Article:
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Historian: Origins of ordination among Baptists tangled

Discussion in 'General Baptist Discussions' started by gb93433, Jun 15, 2009.

  1. gb93433

    gb93433 Active Member
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    Jun 26, 2003
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    The entire story is at http://www.abpnews.com/index.php?option=com_content&task=view&id=4156&Itemid=53

    ARLINGTON, Texas (ABP) -- Pragmatism and tradition have stood alongside biblical and theological principles in shaping Baptist ordination practices, church historian Karen Bullock said at the recent B.H. Carroll Theological Institute colloquy.

    “The concept of ordination as practiced by Baptists today is a complex -- even problematic -- notion resting tenuously upon biblical, theological and even traditional pillars,” Bullock said.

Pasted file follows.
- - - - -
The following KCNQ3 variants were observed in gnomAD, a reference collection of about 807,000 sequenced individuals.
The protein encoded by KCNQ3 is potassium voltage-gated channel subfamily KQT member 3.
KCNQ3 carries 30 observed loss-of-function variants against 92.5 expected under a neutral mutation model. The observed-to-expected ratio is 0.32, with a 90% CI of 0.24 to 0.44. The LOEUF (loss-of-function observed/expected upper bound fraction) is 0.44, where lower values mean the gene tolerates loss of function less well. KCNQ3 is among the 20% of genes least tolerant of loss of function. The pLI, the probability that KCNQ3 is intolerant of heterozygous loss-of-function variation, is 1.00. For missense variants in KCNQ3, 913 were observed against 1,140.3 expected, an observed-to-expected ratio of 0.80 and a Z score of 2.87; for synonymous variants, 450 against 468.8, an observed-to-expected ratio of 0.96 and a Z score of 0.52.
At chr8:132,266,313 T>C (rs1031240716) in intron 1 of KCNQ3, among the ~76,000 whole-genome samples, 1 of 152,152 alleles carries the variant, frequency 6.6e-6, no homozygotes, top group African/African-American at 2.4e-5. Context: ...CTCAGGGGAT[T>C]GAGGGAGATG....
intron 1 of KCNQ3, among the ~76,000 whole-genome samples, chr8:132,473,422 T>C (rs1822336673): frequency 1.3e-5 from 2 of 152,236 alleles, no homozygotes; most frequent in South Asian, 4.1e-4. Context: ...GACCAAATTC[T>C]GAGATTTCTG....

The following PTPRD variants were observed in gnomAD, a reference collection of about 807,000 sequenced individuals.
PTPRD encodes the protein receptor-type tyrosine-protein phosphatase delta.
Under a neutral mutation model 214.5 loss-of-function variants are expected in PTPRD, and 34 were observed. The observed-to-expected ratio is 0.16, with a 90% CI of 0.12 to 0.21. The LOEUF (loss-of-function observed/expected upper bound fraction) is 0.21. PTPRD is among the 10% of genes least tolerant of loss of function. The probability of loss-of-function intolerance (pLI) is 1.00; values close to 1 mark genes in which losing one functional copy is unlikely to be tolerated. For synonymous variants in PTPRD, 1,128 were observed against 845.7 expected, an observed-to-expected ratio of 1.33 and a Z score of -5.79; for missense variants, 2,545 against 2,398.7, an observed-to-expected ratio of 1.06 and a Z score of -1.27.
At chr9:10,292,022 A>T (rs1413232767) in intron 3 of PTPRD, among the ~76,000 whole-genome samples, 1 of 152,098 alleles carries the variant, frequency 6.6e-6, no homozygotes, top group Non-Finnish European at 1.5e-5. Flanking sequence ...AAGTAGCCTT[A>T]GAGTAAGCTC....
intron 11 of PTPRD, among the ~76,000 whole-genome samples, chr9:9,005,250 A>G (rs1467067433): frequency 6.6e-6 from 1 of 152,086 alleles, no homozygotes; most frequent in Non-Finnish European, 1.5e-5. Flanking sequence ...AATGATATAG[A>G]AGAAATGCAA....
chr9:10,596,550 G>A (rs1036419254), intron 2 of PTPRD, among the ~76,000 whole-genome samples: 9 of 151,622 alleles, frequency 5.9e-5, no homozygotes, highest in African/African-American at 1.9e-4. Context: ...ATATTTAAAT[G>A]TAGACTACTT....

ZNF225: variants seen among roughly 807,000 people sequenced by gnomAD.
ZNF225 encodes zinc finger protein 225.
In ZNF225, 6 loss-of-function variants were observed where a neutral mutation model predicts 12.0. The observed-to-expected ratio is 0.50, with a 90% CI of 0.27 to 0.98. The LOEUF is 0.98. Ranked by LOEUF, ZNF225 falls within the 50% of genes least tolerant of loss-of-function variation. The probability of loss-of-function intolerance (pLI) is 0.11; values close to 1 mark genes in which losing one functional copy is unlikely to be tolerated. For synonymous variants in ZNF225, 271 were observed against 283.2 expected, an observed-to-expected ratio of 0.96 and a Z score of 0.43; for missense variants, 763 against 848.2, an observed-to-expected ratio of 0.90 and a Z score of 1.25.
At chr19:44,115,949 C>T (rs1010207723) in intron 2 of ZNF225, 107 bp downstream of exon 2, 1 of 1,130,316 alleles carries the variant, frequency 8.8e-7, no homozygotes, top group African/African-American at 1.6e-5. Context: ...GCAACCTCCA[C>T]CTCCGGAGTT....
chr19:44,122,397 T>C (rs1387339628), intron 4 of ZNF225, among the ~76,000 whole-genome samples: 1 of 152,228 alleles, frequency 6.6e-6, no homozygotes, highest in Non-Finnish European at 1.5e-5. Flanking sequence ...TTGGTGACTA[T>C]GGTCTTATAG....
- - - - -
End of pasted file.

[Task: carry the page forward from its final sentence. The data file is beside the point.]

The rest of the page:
The practices of “setting apart” and “laying on hands” for those called to some special service role in the church clearly have biblical roots, she noted -- but later understandings of ordination also were influenced by the Roman Catholic tradition of “holy orders” and “solemn appointment."

    “In the earliest years of the Baptist story, Baptists were -- like their immediate Anabaptist, Puritan and Separatist predecessors -- very concerned about the biblical warrant for their practices,” Bullock said.

    When Baptists first began to practice ordination on a regular basis, each congregation would select its pastor, he would present evidence of calling and giftedness, and the church subsequently would ordain him to serve that specific congregation, she noted. Although ministers seldom moved from one church to another, if they did, they would go through the same process -- including laying on hands -- at each place.